Birchville School - 06/06/2018

School Context

Birchville School, located north of Upper Hutt, close to the Hutt and Akatarawa Rivers, caters for 180 students in Years 1 to 6. Of the learners enrolled, 44 identify as Māori. There are 101 girls and 79 boys. The school roll continues to increase.

The school vision is underpinned by the GEMS values of Growth, Empathy, Mana and Self Belief.

Leaders and teachers regularly report to the board schoolwide information about outcomes for students in the following areas:

  • achievement in reading, writing and mathematics in relation to school expectations
  • Māori student achievement in relation to school expectations
  • progress and achievement against annual planning goals related to raising achievement in reading, writing and mathematics for some groups of learners.

Since the March 2015 ERO report, there has been a number of changes to the board, leadership and staff. The new principal who was previously the school’s deputy principal, was appointed in 2017.

Birchville School is part of an active local cluster of schools.

Evaluation Findings

1 Equity and excellence – achievement of valued outcomes for students

1.1 How well is the school achieving equitable and excellent outcomes for all its students?

The school’s achievement data indicates that the majority of students, including Māori and Pacific learners, achieve at or above the school’s expectations in reading, writing and mathematics. Māori and non-Māori achieve equally well, although a slightly higher proportion of Māori students achieve above school expectations than non-Māori in reading and mathematics. There is significant disparity for boys in reading and writing.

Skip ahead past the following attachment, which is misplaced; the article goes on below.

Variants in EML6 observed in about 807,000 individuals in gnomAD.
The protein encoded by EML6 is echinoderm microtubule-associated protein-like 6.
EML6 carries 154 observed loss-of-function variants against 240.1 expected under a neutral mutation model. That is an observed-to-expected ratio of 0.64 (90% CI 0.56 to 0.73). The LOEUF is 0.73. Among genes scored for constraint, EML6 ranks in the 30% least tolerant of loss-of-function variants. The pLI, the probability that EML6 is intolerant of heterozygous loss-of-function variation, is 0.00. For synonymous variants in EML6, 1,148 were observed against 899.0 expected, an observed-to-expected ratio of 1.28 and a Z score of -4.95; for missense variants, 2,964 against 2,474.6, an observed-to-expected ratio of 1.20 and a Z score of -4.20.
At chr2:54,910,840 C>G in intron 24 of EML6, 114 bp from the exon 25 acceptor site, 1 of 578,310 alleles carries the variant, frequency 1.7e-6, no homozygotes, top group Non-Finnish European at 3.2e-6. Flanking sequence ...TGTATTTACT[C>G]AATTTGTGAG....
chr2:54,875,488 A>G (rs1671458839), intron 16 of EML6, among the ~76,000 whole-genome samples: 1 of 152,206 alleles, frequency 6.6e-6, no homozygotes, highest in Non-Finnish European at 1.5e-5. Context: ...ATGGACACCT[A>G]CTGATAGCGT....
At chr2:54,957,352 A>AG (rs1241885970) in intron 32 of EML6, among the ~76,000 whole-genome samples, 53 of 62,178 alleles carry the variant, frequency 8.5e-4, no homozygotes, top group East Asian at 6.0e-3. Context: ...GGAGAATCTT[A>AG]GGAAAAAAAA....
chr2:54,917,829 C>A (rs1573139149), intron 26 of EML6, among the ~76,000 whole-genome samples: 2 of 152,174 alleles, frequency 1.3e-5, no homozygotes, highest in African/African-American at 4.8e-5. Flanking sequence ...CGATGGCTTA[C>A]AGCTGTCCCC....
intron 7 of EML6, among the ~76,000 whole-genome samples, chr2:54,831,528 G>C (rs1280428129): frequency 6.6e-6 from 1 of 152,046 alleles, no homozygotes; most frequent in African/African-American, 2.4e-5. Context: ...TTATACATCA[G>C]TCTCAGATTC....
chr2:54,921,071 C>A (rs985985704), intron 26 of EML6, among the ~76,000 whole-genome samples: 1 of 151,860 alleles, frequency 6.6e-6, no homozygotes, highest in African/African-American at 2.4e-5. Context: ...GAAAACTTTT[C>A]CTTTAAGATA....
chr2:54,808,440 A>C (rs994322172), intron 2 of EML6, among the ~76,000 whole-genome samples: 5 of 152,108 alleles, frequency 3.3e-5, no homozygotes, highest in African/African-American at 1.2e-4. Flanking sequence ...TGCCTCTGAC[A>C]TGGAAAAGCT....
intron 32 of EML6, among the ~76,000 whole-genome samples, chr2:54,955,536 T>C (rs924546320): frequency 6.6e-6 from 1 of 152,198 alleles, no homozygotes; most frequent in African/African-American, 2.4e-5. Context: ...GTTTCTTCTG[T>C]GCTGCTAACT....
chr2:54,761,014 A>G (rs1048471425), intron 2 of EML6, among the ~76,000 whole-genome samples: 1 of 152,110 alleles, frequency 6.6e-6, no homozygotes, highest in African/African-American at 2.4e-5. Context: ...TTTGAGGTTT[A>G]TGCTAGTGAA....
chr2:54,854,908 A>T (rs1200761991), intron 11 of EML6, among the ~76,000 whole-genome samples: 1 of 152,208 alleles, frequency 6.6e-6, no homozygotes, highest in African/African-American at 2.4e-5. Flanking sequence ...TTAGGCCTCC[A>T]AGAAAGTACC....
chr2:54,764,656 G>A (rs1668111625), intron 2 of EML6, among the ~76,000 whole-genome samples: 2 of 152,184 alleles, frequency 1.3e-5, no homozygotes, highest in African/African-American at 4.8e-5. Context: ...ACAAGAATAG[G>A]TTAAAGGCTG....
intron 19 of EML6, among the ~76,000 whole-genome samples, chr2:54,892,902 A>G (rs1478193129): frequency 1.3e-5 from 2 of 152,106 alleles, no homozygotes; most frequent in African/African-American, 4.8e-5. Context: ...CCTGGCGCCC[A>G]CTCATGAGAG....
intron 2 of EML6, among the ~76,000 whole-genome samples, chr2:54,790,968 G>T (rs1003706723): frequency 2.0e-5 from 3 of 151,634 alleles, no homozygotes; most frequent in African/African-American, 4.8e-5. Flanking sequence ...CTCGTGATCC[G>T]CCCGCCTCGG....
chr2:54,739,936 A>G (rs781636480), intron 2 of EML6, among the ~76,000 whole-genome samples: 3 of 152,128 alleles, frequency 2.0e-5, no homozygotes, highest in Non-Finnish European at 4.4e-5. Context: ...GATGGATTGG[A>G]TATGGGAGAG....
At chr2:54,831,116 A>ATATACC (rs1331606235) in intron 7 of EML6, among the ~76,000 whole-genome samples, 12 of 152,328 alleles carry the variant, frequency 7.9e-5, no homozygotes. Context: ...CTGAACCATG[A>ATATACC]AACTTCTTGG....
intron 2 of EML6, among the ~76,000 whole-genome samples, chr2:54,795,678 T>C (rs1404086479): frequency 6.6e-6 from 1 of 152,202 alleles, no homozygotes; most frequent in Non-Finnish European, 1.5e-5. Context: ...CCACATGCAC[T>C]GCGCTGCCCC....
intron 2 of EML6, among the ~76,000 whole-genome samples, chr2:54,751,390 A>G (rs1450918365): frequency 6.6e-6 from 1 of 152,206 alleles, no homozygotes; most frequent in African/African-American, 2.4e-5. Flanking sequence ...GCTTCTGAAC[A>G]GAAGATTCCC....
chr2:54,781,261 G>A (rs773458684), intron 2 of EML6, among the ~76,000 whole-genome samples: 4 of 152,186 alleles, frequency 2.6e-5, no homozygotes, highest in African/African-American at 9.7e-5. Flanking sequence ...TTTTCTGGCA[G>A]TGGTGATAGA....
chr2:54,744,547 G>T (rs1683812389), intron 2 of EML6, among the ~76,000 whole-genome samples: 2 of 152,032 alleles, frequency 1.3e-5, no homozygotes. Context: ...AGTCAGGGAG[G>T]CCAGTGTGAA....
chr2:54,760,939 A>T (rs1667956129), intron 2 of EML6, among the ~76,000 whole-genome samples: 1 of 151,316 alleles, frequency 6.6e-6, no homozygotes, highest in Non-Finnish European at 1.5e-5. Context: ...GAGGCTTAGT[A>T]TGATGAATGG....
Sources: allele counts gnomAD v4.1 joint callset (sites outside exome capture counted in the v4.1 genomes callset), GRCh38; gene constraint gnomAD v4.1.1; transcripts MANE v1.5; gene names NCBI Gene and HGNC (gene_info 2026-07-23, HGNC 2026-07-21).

Most Year 6 leavers achieve at or above school expectation in reading and writing. In 2017, however, a significant number left not meeting mathematics expectations.

1.2 How well is the school accelerating learning for those Māori and other students who need this?

There is evidence of accelerated learning for some Māori and other students who need this.

2 School conditions for equity and excellence – processes and practices

2.1 What school processes and practices are effective in enabling achievement of equity and excellence, and acceleration of learning?

Trustees, leaders and teachers have a strong commitment to improving achievement for all students and to address the current inequitable outcomes. The school’s charter establishes a positive well-considered direction, with an appropriate focus on student achievement and in particular for those at risk of not meeting school expectations. Alignment from charter to classroom is clear.

The curriculum acknowledges and celebrates GEMS, which are closely aligned to The New Zealand Curriculum key competencies. The virtual Gems (or key competencies) are clearly articulated in the positive way the students (“real gems”) behave and interact.

There is a strong focus on collaboration as teachers build a shared understanding of effective practice. They share their learning and successful strategies to improve teaching. Useful systems and practices help them to identify students requiring support and to monitor their engagement and achievement. The school has established a good framework for engaging students in their learning. There is a positive social and emotional climate for learners. This has a supportive impact on their learning.

Māori students and whānau take leadership roles within the school community. Students are supported in their learning through kapa haka, te rōpu toa, the whānau support group, and actions through the ‘Te Reo Māori and the Mainstream Implementation Plan’. Teachers are continuing to increase their knowledge and understanding of Maori language, culture and values.

The newly established leadership team is strategic and has enabled the teachers and community to work collaboratively for the benefit of the children. Communication and consultation is very strong. Partnership is evident and effective.